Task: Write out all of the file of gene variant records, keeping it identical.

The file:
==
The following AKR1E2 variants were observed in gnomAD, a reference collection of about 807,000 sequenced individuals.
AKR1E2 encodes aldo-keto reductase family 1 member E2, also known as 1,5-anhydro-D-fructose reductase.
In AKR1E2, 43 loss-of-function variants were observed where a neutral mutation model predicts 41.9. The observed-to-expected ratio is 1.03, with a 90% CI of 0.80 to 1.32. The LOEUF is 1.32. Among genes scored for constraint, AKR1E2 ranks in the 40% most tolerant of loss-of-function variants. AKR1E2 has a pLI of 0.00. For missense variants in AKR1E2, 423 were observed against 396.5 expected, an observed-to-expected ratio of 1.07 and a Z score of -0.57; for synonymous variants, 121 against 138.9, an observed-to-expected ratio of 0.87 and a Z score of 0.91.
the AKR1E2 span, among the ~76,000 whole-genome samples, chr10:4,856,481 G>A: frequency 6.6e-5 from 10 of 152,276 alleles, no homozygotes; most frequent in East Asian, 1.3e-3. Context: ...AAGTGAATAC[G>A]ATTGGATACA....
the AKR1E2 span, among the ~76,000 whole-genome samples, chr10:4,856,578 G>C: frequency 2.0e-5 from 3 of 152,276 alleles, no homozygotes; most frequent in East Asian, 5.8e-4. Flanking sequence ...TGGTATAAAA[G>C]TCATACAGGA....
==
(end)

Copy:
The following AKR1E2 variants were observed in gnomAD, a reference collection of about 807,000 sequenced individuals.
AKR1E2 encodes aldo-keto reductase family 1 member E2, also known as 1,5-anhydro-D-fructose reductase.
In AKR1E2, 43 loss-of-function variants were observed where a neutral mutation model predicts 41.9. The observed-to-expected ratio is 1.03, with a 90% CI of 0.80 to 1.32. The LOEUF is 1.32. Among genes scored for constraint, AKR1E2 ranks in the 40% most tolerant of loss-of-function variants. AKR1E2 has a pLI of 0.00. For missense variants in AKR1E2, 423 were observed against 396.5 expected, an observed-to-expected ratio of 1.07 and a Z score of -0.57; for synonymous variants, 121 against 138.9, an observed-to-expected ratio of 0.87 and a Z score of 0.91.
the AKR1E2 span, among the ~76,000 whole-genome samples, chr10:4,856,481 G>A: frequency 6.6e-5 from 10 of 152,276 alleles, no homozygotes; most frequent in East Asian, 1.3e-3. Context: ...AAGTGAATAC[G>A]ATTGGATACA....
the AKR1E2 span, among the ~76,000 whole-genome samples, chr10:4,856,578 G>C: frequency 2.0e-5 from 3 of 152,276 alleles, no homozygotes; most frequent in East Asian, 5.8e-4. Flanking sequence ...TGGTATAAAA[G>C]TCATACAGGA....